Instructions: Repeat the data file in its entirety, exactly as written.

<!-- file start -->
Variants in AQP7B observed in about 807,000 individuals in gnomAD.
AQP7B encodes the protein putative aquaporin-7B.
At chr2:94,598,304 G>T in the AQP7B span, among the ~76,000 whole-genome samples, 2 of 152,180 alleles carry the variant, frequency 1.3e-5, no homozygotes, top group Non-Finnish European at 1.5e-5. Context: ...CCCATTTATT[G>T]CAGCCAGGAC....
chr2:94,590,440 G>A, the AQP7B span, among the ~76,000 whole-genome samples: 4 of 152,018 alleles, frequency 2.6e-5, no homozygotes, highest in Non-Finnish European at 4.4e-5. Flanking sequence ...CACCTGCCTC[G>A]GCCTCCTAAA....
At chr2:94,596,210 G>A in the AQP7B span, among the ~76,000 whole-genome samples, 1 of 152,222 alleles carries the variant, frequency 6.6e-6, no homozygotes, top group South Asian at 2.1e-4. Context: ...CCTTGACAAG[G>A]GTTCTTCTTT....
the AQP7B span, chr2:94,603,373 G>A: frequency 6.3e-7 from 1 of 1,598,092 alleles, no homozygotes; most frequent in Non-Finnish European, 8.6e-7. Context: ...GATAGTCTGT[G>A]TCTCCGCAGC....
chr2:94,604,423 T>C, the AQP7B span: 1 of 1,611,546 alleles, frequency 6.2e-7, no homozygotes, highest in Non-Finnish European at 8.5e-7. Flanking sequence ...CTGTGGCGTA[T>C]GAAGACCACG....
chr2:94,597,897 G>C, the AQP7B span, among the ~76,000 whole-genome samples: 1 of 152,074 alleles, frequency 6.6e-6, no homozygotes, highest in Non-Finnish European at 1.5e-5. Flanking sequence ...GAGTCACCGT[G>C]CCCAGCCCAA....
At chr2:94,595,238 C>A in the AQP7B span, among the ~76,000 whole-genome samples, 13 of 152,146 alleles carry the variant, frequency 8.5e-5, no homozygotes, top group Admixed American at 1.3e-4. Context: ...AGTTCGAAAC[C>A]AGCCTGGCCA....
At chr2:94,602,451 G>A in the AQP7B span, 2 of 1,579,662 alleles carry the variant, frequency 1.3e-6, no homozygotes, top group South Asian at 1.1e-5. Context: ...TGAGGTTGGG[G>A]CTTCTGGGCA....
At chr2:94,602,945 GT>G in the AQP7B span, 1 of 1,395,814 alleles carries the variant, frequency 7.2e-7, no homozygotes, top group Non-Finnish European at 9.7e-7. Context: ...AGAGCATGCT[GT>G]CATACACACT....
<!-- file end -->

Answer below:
Variants in AQP7B observed in about 807,000 individuals in gnomAD.
AQP7B encodes the protein putative aquaporin-7B.
At chr2:94,598,304 G>T in the AQP7B span, among the ~76,000 whole-genome samples, 2 of 152,180 alleles carry the variant, frequency 1.3e-5, no homozygotes, top group Non-Finnish European at 1.5e-5. Context: ...CCCATTTATT[G>T]CAGCCAGGAC....
chr2:94,590,440 G>A, the AQP7B span, among the ~76,000 whole-genome samples: 4 of 152,018 alleles, frequency 2.6e-5, no homozygotes, highest in Non-Finnish European at 4.4e-5. Flanking sequence ...CACCTGCCTC[G>A]GCCTCCTAAA....
At chr2:94,596,210 G>A in the AQP7B span, among the ~76,000 whole-genome samples, 1 of 152,222 alleles carries the variant, frequency 6.6e-6, no homozygotes, top group South Asian at 2.1e-4. Context: ...CCTTGACAAG[G>A]GTTCTTCTTT....
the AQP7B span, chr2:94,603,373 G>A: frequency 6.3e-7 from 1 of 1,598,092 alleles, no homozygotes; most frequent in Non-Finnish European, 8.6e-7. Context: ...GATAGTCTGT[G>A]TCTCCGCAGC....
chr2:94,604,423 T>C, the AQP7B span: 1 of 1,611,546 alleles, frequency 6.2e-7, no homozygotes, highest in Non-Finnish European at 8.5e-7. Flanking sequence ...CTGTGGCGTA[T>C]GAAGACCACG....
chr2:94,597,897 G>C, the AQP7B span, among the ~76,000 whole-genome samples: 1 of 152,074 alleles, frequency 6.6e-6, no homozygotes, highest in Non-Finnish European at 1.5e-5. Flanking sequence ...GAGTCACCGT[G>C]CCCAGCCCAA....
At chr2:94,595,238 C>A in the AQP7B span, among the ~76,000 whole-genome samples, 13 of 152,146 alleles carry the variant, frequency 8.5e-5, no homozygotes, top group Admixed American at 1.3e-4. Context: ...AGTTCGAAAC[C>A]AGCCTGGCCA....
At chr2:94,602,451 G>A in the AQP7B span, 2 of 1,579,662 alleles carry the variant, frequency 1.3e-6, no homozygotes, top group South Asian at 1.1e-5. Context: ...TGAGGTTGGG[G>A]CTTCTGGGCA....
At chr2:94,602,945 GT>G in the AQP7B span, 1 of 1,395,814 alleles carries the variant, frequency 7.2e-7, no homozygotes, top group Non-Finnish European at 9.7e-7. Context: ...AGAGCATGCT[GT>G]CATACACACT....